EEG in Methamphetamine Addiction
Several studies have examined the neurobiological consequences of methamphetamine dependence using qEEG methods (e.g., Newton et al. 2003, 2004). It was found that methamphetamine dependent patients exhibited a significant power increase in the delta and theta bands as compared to non-drug-using controls (Newton et al. 2003). These results are in accordance with other neurocognitive studies (Kalechstein et al. 2003) suggesting that methamphetamine abuse is associated with psychomotor slowing and frontal executive deficits. Within the methamphetamine-dependent subjects, increased theta qEEG power was found to correlate with response time and was accompanied with reduced accuracy (Newton et al. 2004). To our knowledge, qEEG patterns associated with acute withdrawal and recent abstinence in methamphetamine dependence have not yet been sufficiently described. One study reported (Newton et al. 2003) that methamphetamine dependent volunteers with 4 days of abstinence had increased EEG power in the delta and theta but not in the alpha and beta bands. Within the methamphetamine dependent group, a majority of the conventional EEGs were abnormal (64%), compared to 18% in the non-methamphetamine using group.
The qEEG may provide a sensitive neurophysiological outcome measure of methamphetamine abuse-related persistent alterations in neurocognitive functions (Newton et al. 2004). In a study by Simon et al. (2002), when performance of patients with SUD was compared to their matched non-using control groups, both methamphetamine and cocaine abusers were impaired on cognitive measures, but the type and degree of impairments were somewhat different. Some of these differences between methamphetamine and cocaine effects on cognitive functions and electrophysiological alterations can be explained by differential pharmacokinetics of these two drugs, as cocaine is rapidly metabolized with an elimination half-life of several hours, whereas methamphetamine is eliminated more slowly, with an elimination half-life averaging 12 h (Cook et al. 1993; Jeffcoat et al. 1989). Moreover, cocaine differs from methamphetamine in that cocaine inhibits the reuptake of dopamine, serotonin, and norepinephrine, whereas methamphetamine mobilizes and releases these monoamines from storage granules, thus producing rapid and large increases in synaptic concentrations (Simon et al. 2002, 2004). This might be responsible for the discrepancies in observed qEEG manifestations associated with chronic methamphetamine and cocaine abuse.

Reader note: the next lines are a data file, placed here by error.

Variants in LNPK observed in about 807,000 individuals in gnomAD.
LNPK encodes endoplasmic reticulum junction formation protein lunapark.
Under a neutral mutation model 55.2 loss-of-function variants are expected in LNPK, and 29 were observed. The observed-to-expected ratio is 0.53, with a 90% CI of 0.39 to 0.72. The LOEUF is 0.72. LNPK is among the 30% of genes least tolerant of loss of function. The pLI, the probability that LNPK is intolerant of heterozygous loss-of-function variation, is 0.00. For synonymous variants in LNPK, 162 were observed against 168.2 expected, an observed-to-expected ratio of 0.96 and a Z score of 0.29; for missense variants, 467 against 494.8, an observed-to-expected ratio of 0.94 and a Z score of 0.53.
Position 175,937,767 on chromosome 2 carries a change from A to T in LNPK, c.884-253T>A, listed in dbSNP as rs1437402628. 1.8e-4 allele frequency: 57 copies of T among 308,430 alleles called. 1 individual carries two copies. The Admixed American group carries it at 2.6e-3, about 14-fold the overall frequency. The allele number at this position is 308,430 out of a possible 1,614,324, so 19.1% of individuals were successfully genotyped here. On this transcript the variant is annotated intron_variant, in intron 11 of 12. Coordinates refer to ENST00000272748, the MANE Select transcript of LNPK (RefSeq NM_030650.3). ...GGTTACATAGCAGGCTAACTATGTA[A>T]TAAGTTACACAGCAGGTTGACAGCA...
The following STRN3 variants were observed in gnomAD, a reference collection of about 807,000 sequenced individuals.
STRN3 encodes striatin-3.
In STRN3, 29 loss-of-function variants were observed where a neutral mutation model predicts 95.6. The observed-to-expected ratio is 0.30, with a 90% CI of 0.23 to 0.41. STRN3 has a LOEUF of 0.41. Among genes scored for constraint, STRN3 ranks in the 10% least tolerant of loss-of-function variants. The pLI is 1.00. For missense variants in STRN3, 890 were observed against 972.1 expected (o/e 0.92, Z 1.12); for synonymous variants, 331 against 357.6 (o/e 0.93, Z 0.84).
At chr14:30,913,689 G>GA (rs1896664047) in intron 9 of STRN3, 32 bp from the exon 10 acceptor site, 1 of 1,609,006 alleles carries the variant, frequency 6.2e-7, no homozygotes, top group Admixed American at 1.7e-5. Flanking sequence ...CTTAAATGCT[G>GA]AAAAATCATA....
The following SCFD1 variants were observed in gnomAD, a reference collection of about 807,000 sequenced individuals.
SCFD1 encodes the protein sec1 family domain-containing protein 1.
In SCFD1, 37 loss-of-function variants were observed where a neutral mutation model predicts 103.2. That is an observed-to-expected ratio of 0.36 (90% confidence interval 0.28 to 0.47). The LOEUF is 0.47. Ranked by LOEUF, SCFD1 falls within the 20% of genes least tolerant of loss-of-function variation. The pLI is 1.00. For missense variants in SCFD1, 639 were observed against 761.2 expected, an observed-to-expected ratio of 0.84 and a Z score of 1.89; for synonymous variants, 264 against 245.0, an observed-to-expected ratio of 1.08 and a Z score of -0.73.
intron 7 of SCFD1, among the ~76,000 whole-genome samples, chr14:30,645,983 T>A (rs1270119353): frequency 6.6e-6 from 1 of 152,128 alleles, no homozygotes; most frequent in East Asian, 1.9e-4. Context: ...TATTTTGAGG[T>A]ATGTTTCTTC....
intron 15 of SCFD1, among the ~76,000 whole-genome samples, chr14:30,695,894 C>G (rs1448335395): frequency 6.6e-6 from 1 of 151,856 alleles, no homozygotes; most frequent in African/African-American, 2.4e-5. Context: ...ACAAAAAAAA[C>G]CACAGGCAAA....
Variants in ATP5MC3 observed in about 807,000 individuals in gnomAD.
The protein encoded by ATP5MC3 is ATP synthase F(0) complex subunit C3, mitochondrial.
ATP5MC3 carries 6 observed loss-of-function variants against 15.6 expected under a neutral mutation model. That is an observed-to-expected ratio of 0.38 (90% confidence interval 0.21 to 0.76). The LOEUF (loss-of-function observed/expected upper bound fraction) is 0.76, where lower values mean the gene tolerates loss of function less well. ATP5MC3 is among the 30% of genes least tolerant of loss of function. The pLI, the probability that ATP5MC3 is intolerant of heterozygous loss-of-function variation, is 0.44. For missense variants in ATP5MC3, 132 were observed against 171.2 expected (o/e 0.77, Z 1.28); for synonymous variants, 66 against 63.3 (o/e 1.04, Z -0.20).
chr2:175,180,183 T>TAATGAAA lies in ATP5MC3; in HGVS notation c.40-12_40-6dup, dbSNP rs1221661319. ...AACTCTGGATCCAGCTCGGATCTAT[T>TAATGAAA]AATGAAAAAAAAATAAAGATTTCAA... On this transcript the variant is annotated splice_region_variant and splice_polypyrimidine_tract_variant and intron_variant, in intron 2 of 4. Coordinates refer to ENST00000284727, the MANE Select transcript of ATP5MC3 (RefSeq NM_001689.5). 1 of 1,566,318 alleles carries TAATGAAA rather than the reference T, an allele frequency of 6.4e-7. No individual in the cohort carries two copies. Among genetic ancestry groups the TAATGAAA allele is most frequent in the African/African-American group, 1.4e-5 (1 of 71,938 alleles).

Only a few studies have examined the qEEG consequences of methamphetamine dependence. They report that methamphetamine dependent patients exhibited a significant power increase in the delta and theta bands as compared to non-drug-using control. The qEEG patterns associated with acute withdrawal and recent abstinence in methamphetamine dependence have not yet been sufficiently described. One study reported that abstinent methamphetamine dependent patients had increased EEG power in the delta and theta but not in the alpha and beta bands. In general, qEEG studies of methamphetamine addiction are in accordance with other neurocognitive studies suggesting that methamphetamine abuse is associated with psychomotor slowing and frontal executive deficits.